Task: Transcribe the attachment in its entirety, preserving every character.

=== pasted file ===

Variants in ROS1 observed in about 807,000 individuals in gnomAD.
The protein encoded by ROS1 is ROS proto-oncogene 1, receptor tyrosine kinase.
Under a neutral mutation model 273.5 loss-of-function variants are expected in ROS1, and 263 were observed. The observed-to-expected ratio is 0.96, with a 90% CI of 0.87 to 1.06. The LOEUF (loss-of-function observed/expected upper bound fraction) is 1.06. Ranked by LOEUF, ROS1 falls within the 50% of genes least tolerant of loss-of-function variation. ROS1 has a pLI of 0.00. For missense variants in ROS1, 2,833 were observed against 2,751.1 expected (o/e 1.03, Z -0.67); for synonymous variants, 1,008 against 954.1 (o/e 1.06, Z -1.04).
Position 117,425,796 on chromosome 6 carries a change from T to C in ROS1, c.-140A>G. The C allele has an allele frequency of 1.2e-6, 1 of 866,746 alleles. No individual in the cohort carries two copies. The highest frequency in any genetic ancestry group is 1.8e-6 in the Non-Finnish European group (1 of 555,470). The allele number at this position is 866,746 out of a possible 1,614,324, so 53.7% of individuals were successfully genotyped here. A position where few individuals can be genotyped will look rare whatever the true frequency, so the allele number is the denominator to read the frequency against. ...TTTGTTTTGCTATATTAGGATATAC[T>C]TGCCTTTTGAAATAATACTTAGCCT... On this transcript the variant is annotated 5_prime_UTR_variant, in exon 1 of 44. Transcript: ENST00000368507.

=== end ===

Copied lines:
Variants in ROS1 observed in about 807,000 individuals in gnomAD.
The protein encoded by ROS1 is ROS proto-oncogene 1, receptor tyrosine kinase.
Under a neutral mutation model 273.5 loss-of-function variants are expected in ROS1, and 263 were observed. The observed-to-expected ratio is 0.96, with a 90% CI of 0.87 to 1.06. The LOEUF (loss-of-function observed/expected upper bound fraction) is 1.06. Ranked by LOEUF, ROS1 falls within the 50% of genes least tolerant of loss-of-function variation. ROS1 has a pLI of 0.00. For missense variants in ROS1, 2,833 were observed against 2,751.1 expected (o/e 1.03, Z -0.67); for synonymous variants, 1,008 against 954.1 (o/e 1.06, Z -1.04).
Position 117,425,796 on chromosome 6 carries a change from T to C in ROS1, c.-140A>G. The C allele has an allele frequency of 1.2e-6, 1 of 866,746 alleles. No individual in the cohort carries two copies. The highest frequency in any genetic ancestry group is 1.8e-6 in the Non-Finnish European group (1 of 555,470). The allele number at this position is 866,746 out of a possible 1,614,324, so 53.7% of individuals were successfully genotyped here. A position where few individuals can be genotyped will look rare whatever the true frequency, so the allele number is the denominator to read the frequency against. ...TTTGTTTTGCTATATTAGGATATAC[T>C]TGCCTTTTGAAATAATACTTAGCCT... On this transcript the variant is annotated 5_prime_UTR_variant, in exon 1 of 44. Transcript: ENST00000368507.